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7 Responses to IAN McAULEY. The National Electricity Market: What happens when economists get involved with electricity

  1. Mike Gilligan says:

    Seems like a clear argument to go off the grid. I Like your experience – having been off grid for decades myself due to prohibitive connection cost. That one has to temper one’s requirements for living and comfort may be as much a service to society as supposed jeopardy of the greater good by undermining the grid.

  2. Tony Smith says:

    This article is a masterpiece! How good it is when writers create order from chaos and also explain complex issues in plain language.
    Thanks Ian – and John.

  3. derrida derider says:

    Gee, there were plenty of professional economists who pointed out the technical problems with the NEM design in advance. The trouble is these professionals were not associated with the coal or gas industries and hence did not have the ear of governments. Who could have known that the hippies were right?

    Most notably, they pointed out two flaws – the large information asymmetries would lead to huge incumbent advantages in the supposedly competitive retail markets, and the wholesale design was too inflexible to accommodate changes in consumer behaviour or in generation technology.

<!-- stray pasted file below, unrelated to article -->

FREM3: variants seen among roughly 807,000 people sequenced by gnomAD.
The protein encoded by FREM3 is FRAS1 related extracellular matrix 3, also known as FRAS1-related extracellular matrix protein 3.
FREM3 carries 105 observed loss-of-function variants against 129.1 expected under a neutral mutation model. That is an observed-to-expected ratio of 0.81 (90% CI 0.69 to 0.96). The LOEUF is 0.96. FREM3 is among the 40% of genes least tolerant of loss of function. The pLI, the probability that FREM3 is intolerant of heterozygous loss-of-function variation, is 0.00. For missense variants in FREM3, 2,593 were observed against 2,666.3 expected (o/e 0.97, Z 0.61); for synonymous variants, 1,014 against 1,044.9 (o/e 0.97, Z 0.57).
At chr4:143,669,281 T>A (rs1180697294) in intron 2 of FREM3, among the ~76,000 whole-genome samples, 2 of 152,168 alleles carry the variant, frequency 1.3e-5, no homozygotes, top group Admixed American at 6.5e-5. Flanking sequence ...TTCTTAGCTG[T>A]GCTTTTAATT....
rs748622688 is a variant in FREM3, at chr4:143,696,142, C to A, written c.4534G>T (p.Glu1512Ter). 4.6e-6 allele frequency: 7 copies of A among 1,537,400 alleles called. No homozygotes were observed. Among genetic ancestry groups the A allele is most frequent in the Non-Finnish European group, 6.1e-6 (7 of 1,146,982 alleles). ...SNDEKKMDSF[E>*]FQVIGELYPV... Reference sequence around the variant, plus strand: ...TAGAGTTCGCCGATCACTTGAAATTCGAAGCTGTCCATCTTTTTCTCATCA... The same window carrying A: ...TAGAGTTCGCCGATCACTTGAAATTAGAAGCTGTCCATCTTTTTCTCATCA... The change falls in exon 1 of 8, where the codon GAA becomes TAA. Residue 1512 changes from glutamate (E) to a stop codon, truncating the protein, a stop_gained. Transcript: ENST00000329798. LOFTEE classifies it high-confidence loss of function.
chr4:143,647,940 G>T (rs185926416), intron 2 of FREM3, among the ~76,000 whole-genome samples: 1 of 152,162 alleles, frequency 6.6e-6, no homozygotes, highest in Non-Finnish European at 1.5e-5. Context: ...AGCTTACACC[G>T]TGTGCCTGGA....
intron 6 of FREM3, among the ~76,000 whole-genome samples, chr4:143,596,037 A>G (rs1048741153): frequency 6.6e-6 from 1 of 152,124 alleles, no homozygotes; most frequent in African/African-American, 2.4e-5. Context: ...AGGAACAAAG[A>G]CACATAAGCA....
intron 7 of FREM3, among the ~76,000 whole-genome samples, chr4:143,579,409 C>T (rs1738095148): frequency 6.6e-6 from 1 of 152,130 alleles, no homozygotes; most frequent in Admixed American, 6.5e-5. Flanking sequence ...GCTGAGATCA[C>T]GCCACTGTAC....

The second is the problem that has really bitten us. The first (the inefficient retail market) is just the ordinary Australian problem of cartels being allowed to rip off consumers – it certainly jacks up prices but actually adds to, rather than subtracts from, market stability.

    The key feature of renewable energy that has caused problems for the NEM is not its intermittency (overrated as both an economic and engineering problem) but its lack of economies of scale and hence its distributed nature. The NEM assumed your typical generator would have capacity to sell in GW lots, not in wind/solar farm MW lots, let alone house rooftop kV lots. A little foresight could have foreseen all this and structured things accordingly; low economies of scale should enhance flexibility in a system designed for it. But at the time too many people had their climate denialist heads in the sand.

  4. bushwalker says:

    Dear Mr. McCauley, I too, trained and worked as an electrical engineer, but my dominant interest now is investment in most sectors of the economy. I can thank St. Paul of Blaxland for the latter interest as it stemmed from the float of the first tranche of the Commbank.

    I find your description of the NEM, prior to John Howard’s introduction of the RET scheme, entirely accurate. However by the time Kevin07 had wrought his magic the NEM became a distorted sham.